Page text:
Don’t make this streaming mistake

This is a cautionary tale about Facebook, but the lesson doesn’t just relate to Facebook, it could apply to any website.

A British man is going to have to pay up $6700 (£5000) for broadcasting a pay-per-view fight on his Facebook page. He paid the initial $26.99 (£19.96) for the fight to watch at home with his friends. But one of those friends turned the camera of the man’s iPad toward the screen and streamed the fight live on Facebook to the world.  That stream ended up being watched by over 4,000 people. Of course, that’s 4,000 folks who didn’t pay $27 bucks for the fight. Effectively this guy and his friend stole $100,000 worth of revenue from Sky Box Office, the company offering the fight.

If you spend much time on Facebook, you’ll probably see people streaming live sporting events and also folks offering up movies that are still in the theater for free. Usually, these are not very good copies, but there they are. Guess what? When you watch one of these videos, you’re guilty of petty theft. And if you watch a whole bunch of them, the costs could start to stack up.

Back when I worked at a cable company, they would do sweeps to find people who had cable boxes that had been altered to receive premium channels for free or had hooked up to cable without paying.  Yeah, cable and satellite companies can track stuff like that. They’ve had the technology for decades. They’d then operate from the assumption that the person had been stealing from them for a year and hit them with a bill for a year of the services, a theft charge, and the option to legally sign up for cable.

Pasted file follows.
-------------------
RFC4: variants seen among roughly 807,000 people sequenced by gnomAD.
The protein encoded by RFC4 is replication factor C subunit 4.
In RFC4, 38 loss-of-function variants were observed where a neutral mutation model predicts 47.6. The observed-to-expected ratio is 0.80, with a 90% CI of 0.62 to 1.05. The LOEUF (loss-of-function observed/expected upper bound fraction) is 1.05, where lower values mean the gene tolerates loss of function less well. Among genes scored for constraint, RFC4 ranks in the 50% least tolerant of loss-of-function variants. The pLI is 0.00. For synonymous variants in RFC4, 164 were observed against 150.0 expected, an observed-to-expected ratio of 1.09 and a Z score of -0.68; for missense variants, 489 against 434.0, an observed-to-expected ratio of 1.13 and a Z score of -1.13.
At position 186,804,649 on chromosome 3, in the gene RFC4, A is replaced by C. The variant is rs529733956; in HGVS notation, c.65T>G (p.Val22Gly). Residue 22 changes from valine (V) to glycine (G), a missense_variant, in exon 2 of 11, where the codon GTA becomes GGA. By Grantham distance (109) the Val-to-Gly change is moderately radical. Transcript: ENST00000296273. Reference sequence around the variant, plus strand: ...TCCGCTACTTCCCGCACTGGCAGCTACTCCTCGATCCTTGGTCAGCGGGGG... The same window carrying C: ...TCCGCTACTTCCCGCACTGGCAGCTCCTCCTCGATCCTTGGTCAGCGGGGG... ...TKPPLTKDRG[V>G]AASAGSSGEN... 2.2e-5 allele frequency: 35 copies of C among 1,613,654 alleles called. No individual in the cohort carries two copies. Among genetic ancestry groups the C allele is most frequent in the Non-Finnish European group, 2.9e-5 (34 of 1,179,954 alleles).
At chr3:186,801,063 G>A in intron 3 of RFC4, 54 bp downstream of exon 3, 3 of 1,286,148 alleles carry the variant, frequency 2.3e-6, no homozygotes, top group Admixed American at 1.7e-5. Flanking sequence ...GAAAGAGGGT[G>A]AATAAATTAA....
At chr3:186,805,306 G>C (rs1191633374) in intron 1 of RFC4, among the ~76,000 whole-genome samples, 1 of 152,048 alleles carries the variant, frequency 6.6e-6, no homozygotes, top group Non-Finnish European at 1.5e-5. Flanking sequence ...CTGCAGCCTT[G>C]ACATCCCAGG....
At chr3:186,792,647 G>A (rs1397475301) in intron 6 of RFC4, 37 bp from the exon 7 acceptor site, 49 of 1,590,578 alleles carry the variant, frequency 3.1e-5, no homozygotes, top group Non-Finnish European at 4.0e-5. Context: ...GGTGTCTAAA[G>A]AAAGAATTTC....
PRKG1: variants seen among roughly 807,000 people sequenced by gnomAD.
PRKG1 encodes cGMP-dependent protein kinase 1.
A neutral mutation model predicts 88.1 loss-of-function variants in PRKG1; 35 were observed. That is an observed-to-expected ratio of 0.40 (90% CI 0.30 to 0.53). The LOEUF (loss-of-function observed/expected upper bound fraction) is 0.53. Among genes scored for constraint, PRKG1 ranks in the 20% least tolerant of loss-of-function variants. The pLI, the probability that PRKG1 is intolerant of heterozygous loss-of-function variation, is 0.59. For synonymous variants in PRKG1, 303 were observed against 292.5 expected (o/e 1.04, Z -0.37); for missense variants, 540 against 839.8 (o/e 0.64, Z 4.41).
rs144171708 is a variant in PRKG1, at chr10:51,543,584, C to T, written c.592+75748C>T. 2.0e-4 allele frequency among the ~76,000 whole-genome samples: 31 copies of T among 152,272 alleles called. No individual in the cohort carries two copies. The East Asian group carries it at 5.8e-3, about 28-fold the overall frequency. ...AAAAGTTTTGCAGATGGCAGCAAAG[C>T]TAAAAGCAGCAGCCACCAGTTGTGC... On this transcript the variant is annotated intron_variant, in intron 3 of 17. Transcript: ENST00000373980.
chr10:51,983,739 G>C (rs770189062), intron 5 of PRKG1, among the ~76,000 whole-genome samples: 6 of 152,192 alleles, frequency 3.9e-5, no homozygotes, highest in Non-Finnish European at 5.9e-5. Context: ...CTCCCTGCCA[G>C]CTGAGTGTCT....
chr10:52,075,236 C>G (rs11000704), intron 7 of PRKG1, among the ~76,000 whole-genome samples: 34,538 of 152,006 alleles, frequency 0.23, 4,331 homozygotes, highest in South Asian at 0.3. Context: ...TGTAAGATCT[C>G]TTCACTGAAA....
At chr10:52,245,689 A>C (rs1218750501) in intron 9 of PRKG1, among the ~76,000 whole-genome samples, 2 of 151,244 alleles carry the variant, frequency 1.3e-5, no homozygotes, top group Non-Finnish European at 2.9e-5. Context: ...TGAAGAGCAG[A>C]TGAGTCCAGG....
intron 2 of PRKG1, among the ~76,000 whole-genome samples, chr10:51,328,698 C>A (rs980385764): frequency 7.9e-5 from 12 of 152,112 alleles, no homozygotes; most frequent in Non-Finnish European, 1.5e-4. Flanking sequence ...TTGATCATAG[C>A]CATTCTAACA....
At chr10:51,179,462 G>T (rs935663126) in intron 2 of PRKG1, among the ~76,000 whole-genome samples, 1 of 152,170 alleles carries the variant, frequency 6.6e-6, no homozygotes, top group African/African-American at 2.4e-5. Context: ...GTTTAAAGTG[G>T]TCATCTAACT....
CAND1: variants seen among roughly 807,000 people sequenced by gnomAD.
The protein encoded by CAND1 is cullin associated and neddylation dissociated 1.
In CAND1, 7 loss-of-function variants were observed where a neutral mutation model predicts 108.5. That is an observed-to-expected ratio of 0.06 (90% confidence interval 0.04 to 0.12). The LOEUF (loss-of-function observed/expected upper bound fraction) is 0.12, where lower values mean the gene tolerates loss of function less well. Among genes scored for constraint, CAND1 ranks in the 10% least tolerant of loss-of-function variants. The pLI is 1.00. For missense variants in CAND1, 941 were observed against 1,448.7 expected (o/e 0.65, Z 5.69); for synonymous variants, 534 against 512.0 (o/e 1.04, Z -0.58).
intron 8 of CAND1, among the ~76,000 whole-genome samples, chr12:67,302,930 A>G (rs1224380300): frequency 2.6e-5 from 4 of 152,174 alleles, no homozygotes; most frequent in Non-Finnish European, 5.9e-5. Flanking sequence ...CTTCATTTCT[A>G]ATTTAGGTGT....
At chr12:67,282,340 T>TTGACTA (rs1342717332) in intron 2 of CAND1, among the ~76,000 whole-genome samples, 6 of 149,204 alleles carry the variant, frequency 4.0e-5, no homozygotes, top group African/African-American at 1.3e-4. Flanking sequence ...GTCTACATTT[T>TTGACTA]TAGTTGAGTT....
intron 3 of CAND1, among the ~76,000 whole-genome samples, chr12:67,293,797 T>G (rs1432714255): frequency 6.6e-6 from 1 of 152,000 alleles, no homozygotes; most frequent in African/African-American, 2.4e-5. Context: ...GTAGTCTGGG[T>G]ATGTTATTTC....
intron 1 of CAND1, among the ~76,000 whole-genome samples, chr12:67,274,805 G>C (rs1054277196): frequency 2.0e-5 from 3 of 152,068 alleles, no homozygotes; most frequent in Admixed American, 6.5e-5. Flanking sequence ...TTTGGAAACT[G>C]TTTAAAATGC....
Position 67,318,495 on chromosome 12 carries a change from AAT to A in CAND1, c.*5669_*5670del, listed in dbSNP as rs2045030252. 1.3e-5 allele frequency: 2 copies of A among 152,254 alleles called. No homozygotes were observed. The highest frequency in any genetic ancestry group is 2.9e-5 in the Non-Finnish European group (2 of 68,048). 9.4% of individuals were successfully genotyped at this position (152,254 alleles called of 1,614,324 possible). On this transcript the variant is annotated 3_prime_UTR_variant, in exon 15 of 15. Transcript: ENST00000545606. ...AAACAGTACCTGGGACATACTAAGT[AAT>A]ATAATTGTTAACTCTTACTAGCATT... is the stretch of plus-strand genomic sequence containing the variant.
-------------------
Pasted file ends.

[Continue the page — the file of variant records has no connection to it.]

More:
(I’ve got to tell a favorite story from the late 1990s. I had to take a cab home from my job at a cable company. The driver who picked me up tells me he has a friend who works there as well and that his friend had stolen a bunch of cable boxes and altered them to be able to receive all of the pay channels. He and his friend were selling them and making thousands of dollars. Yep, he wanted to tell me he was stealing from my company.)


Remember, it’s not that hard to track you on the Internet. So whether you’re watching pirated video on Facebook, Twitter, YouTube, on a doctored or hacked device, or on one of those illegal services that offer you premium services for free, you can be found.

In this case, the company only went after the guy who did the streaming, but there’s nothing to stop them from going after anyone doing the watching. Companies lose billions to piracy and don’t be surprised if they start cracking down on the folks who are receiving those stolen goods.

By now you guys know I am a hard-liner on piracy. I have many friends who bust their behinds in the film and TV industry and I don’t cotton to people stealing their work, just like I don’t have much patience for the people who pirate my eBooks. (Grrrrr….)

I know lots of people and pages do live video. But it’s pretty easy to tell the legitimate stuff. They are usually instructional or silly videos or perhaps someone streaming from a red carpet. But if you see a live broadcast of a sporting event, Netflix show, or movie, it almost certainly shouldn’t be there. Facebook can be pretty vigilant about removing these videos, so don’t be surprised if they disappear in mid-stream.

Always be cautious of any sites that offer you pirated material. In addition to it being illegal, those sites and downloads are notoriously virus-ridden. Remember, there is no honor among thieves.  One tactic scammers will sometimes use is to find a status where people are talking about a movie and leave a comment that purports to be a link to watching the movie for free.

Three big reasons to say no to piracy:

  1. It’s wrong.
  2. They’ll catch you
  3. It can mess up your device.


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